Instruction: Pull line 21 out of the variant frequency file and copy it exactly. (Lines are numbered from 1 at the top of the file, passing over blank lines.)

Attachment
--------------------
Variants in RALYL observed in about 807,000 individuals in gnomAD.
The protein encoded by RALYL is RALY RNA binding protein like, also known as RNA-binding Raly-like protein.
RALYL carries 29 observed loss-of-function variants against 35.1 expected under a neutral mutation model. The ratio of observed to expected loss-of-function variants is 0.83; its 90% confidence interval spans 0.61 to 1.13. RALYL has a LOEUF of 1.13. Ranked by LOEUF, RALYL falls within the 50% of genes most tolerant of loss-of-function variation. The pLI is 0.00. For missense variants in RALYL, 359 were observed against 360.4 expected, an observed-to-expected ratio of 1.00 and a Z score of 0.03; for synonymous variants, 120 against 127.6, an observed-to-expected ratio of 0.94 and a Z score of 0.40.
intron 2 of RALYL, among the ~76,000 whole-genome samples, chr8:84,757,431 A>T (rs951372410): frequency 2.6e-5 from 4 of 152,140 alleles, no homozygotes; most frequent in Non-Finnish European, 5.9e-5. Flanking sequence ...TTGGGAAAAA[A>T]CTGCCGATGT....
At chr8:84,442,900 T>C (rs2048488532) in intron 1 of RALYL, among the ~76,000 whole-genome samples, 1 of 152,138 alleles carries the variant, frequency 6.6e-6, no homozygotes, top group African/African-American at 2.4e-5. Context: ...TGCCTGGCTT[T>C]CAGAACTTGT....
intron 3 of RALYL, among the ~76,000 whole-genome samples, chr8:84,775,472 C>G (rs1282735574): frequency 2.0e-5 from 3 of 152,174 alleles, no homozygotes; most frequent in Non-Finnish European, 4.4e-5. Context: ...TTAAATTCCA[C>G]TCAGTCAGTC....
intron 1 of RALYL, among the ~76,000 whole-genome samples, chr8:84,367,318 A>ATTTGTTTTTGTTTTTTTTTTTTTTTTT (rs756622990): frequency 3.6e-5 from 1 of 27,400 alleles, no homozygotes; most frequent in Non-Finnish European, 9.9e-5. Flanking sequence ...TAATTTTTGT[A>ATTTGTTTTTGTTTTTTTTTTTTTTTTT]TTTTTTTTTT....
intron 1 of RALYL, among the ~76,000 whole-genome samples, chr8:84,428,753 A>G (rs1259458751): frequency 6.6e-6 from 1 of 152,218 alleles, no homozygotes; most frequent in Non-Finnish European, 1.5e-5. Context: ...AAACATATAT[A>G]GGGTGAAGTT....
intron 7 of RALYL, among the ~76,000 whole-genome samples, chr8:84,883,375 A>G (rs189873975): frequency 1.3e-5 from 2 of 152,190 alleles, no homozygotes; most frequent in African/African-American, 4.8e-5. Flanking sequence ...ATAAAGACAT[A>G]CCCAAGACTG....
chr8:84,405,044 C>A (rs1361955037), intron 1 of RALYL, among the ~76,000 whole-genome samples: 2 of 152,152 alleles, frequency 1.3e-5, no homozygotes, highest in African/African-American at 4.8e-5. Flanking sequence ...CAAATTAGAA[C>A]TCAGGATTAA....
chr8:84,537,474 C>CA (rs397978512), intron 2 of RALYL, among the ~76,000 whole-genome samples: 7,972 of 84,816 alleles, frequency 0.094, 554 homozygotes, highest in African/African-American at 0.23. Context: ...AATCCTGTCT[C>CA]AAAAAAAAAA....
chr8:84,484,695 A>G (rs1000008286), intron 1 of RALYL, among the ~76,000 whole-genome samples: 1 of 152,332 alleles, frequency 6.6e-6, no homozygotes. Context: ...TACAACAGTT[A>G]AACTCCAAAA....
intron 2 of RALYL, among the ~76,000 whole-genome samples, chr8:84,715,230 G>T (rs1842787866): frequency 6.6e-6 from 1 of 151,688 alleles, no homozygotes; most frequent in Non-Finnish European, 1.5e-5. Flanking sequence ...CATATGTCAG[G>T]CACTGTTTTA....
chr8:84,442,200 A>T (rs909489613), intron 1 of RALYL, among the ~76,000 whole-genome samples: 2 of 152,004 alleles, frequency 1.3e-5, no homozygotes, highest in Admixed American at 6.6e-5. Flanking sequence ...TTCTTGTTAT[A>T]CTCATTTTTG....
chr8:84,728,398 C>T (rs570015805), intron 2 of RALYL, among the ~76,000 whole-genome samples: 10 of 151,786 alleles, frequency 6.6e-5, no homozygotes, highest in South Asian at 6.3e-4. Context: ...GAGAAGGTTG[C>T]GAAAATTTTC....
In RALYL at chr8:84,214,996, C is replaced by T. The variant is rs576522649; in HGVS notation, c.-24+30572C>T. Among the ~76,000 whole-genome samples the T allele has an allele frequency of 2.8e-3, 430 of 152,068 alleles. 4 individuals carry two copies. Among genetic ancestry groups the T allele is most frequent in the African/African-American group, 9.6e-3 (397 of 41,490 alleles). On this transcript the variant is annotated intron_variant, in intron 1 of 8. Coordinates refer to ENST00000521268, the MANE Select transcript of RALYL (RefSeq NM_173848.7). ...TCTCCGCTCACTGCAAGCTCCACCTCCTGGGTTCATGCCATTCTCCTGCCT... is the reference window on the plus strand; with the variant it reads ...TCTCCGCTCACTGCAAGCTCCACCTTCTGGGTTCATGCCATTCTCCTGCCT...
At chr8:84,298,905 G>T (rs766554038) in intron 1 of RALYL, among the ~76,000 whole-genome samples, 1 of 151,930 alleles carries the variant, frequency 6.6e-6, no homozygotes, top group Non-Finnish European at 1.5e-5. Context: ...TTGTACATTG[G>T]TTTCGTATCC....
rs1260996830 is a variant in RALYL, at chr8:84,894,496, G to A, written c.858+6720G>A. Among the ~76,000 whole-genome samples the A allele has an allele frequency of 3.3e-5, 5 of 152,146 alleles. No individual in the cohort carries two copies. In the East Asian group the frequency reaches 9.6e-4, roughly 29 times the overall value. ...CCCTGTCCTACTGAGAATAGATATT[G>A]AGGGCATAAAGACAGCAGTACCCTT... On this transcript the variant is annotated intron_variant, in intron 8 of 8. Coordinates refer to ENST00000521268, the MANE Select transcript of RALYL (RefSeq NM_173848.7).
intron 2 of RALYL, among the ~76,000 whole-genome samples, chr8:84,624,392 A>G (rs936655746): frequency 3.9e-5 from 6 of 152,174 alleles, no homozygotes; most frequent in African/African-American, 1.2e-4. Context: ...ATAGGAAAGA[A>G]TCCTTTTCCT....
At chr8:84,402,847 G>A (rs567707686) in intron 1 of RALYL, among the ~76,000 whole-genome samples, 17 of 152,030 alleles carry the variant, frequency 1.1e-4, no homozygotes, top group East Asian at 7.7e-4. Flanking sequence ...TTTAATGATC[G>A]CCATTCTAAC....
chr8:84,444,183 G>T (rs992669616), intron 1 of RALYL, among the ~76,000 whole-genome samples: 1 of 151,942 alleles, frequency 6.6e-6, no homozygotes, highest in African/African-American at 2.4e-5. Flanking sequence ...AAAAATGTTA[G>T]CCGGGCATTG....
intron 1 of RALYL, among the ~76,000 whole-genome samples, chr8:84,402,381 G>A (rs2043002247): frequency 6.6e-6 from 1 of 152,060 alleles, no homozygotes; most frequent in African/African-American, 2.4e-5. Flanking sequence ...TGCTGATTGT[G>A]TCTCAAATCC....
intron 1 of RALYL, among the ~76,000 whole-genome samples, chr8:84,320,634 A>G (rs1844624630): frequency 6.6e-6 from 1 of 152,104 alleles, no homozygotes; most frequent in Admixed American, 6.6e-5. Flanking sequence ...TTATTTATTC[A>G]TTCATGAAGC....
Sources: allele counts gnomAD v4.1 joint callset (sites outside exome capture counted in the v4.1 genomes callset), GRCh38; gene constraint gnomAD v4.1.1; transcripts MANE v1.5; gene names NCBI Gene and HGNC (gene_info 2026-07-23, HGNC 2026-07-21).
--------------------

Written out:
chr8:84,444,183 G>T (rs992669616), intron 1 of RALYL, among the ~76,000 whole-genome samples: 1 of 151,942 alleles, frequency 6.6e-6, no homozygotes, highest in African/African-American at 2.4e-5. Flanking sequence ...AAAAATGTTA[G>T]CCGGGCATTG....